The other two films I’d suggest you all check out would be the Akira Kurosawa/Sergio Leone double feature of Yojimbo and A Fistful of Dollars. In the first film, Kurosawa established the feel of a character—played to perfection by Toshiro Mifune—who is of dubious morality but seems to unscrupulously play both sides of any conflict against each other to both get himself paid and, tangentially, make life better for the normal people. Leone remade this movie in A Fistful of Dollars and established the kinship between westerns and samurai films. Aside from all of the visual and story cues, the place where this becomes most apparent is Ludwig Göransson’s score. Imagine if Ennio Morricone had been asked to translate his western style to Star Wars and fill it with both traditional instruments and electronic sounds, that’s what we’re given here for The Mandalorian and it fits beautifully.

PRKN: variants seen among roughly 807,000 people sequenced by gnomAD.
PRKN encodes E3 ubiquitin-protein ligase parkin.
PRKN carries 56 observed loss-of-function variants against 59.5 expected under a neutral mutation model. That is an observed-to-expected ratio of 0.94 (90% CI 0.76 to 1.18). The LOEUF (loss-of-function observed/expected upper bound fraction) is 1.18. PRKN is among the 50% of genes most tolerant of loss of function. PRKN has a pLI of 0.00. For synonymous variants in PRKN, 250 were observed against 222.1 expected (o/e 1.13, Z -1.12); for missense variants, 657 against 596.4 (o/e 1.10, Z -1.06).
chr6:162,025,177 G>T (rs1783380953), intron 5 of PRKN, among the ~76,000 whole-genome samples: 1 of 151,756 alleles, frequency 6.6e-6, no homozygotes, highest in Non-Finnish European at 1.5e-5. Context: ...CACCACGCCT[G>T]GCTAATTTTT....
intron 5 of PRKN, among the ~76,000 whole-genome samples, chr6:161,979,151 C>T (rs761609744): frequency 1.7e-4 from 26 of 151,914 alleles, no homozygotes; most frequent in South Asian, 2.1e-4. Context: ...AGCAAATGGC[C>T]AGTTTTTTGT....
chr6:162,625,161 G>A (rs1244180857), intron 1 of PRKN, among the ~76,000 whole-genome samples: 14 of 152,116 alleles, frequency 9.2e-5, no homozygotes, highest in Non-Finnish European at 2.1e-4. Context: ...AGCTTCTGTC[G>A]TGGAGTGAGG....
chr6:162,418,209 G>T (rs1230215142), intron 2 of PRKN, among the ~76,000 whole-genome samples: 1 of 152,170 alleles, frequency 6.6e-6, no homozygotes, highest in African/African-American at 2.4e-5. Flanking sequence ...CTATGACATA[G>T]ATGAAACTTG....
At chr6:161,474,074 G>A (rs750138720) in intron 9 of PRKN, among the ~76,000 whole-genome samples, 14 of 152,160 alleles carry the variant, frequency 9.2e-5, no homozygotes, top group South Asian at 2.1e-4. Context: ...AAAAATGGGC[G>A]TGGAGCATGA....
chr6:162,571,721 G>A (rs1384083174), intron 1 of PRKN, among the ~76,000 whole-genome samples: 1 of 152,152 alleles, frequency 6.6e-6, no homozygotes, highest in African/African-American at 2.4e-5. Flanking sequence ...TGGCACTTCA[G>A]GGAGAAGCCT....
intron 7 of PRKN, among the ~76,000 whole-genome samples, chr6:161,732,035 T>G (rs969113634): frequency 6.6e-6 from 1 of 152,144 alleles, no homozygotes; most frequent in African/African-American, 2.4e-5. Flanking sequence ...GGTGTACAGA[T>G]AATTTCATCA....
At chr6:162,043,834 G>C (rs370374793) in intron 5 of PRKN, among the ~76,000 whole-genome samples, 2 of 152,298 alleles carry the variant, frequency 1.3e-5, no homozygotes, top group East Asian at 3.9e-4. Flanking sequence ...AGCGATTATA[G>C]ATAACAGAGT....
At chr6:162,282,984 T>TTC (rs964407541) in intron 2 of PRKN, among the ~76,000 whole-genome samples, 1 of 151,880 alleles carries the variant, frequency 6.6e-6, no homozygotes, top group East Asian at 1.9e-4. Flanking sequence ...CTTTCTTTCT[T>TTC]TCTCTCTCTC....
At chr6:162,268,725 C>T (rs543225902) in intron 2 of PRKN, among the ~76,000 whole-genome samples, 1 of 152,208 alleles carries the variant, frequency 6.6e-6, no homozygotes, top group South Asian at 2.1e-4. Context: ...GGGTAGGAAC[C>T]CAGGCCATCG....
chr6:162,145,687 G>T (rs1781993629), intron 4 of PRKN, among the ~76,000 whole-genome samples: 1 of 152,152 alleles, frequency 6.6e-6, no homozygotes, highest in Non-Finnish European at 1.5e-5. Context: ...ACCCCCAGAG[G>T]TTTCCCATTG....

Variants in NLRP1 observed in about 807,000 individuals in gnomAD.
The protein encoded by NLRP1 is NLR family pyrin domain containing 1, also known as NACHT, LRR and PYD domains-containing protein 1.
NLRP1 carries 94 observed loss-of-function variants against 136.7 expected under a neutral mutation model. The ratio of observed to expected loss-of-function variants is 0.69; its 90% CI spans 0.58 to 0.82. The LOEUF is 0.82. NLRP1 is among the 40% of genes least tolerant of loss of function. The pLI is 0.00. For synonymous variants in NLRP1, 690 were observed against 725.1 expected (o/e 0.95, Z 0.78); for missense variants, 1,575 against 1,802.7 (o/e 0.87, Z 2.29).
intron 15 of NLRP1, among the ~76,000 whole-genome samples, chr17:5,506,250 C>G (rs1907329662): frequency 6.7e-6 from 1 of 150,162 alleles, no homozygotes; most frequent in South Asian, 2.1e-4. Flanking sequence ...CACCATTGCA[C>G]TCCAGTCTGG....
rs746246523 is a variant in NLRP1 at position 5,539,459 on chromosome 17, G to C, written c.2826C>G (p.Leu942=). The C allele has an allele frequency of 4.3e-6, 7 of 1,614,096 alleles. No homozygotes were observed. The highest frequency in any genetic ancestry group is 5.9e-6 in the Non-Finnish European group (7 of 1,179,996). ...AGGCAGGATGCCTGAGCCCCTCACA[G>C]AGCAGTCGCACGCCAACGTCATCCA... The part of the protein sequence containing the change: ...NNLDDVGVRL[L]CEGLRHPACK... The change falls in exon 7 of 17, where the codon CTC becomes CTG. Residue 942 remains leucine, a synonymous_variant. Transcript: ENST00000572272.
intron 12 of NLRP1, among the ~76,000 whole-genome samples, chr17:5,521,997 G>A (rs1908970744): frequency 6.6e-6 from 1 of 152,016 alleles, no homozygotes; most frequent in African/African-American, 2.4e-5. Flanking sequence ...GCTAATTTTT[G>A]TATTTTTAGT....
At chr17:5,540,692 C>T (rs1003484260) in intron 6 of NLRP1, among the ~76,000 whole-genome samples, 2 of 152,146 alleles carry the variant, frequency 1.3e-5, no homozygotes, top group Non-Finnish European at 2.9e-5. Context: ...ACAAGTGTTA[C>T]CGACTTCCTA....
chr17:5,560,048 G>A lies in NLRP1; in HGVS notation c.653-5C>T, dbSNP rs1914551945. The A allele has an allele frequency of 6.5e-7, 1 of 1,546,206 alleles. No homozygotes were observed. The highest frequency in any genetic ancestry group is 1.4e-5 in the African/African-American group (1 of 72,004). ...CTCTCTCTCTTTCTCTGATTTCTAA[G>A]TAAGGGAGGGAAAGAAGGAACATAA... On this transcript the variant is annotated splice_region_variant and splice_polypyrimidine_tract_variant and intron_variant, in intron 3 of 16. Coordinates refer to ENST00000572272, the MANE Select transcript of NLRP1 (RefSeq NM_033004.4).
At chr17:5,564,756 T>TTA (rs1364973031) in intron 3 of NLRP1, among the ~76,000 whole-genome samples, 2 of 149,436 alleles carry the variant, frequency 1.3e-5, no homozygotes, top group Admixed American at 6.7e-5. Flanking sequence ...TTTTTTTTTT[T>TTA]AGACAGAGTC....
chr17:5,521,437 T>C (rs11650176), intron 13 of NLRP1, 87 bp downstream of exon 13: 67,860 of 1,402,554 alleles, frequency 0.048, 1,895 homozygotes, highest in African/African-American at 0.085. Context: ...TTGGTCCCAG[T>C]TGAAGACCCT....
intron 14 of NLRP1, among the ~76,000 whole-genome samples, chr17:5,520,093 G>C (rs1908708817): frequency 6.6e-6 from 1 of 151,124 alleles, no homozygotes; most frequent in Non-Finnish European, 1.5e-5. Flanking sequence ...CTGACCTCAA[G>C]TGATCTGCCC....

The first episode of The Mandalorian provides Star Wars fans with everything they’d want in a tease for a new series. It starts stronger than any of the animated series have so far and offers more intriguing questions than answers. It has the legacy of classic film that gives Star Wars its identity and offers a rich playground to expand the mythos. Casual and super fans alike will find plenty to love about this new scripted drama and it already feels like a welcome addition in the Star Wars universe.